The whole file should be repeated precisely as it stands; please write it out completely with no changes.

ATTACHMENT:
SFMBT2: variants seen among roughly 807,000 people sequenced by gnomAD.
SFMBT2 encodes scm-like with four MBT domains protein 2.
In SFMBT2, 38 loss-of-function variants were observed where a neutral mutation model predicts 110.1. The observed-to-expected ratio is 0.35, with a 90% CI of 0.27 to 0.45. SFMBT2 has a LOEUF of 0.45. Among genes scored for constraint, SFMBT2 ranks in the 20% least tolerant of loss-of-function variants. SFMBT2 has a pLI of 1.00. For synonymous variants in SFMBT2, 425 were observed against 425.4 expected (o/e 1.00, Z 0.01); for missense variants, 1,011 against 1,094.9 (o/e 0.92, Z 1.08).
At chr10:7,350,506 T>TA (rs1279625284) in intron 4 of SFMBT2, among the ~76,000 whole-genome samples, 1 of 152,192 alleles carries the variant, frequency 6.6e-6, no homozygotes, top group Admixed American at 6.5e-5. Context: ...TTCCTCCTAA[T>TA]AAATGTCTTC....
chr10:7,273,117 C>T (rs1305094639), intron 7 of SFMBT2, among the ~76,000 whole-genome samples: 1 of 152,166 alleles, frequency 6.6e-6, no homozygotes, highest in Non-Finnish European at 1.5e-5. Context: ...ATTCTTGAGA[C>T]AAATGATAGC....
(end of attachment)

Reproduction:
SFMBT2: variants seen among roughly 807,000 people sequenced by gnomAD.
SFMBT2 encodes scm-like with four MBT domains protein 2.
In SFMBT2, 38 loss-of-function variants were observed where a neutral mutation model predicts 110.1. The observed-to-expected ratio is 0.35, with a 90% CI of 0.27 to 0.45. SFMBT2 has a LOEUF of 0.45. Among genes scored for constraint, SFMBT2 ranks in the 20% least tolerant of loss-of-function variants. SFMBT2 has a pLI of 1.00. For synonymous variants in SFMBT2, 425 were observed against 425.4 expected (o/e 1.00, Z 0.01); for missense variants, 1,011 against 1,094.9 (o/e 0.92, Z 1.08).
At chr10:7,350,506 T>TA (rs1279625284) in intron 4 of SFMBT2, among the ~76,000 whole-genome samples, 1 of 152,192 alleles carries the variant, frequency 6.6e-6, no homozygotes, top group Admixed American at 6.5e-5. Context: ...TTCCTCCTAA[T>TA]AAATGTCTTC....
chr10:7,273,117 C>T (rs1305094639), intron 7 of SFMBT2, among the ~76,000 whole-genome samples: 1 of 152,166 alleles, frequency 6.6e-6, no homozygotes, highest in Non-Finnish European at 1.5e-5. Context: ...ATTCTTGAGA[C>T]AAATGATAGC....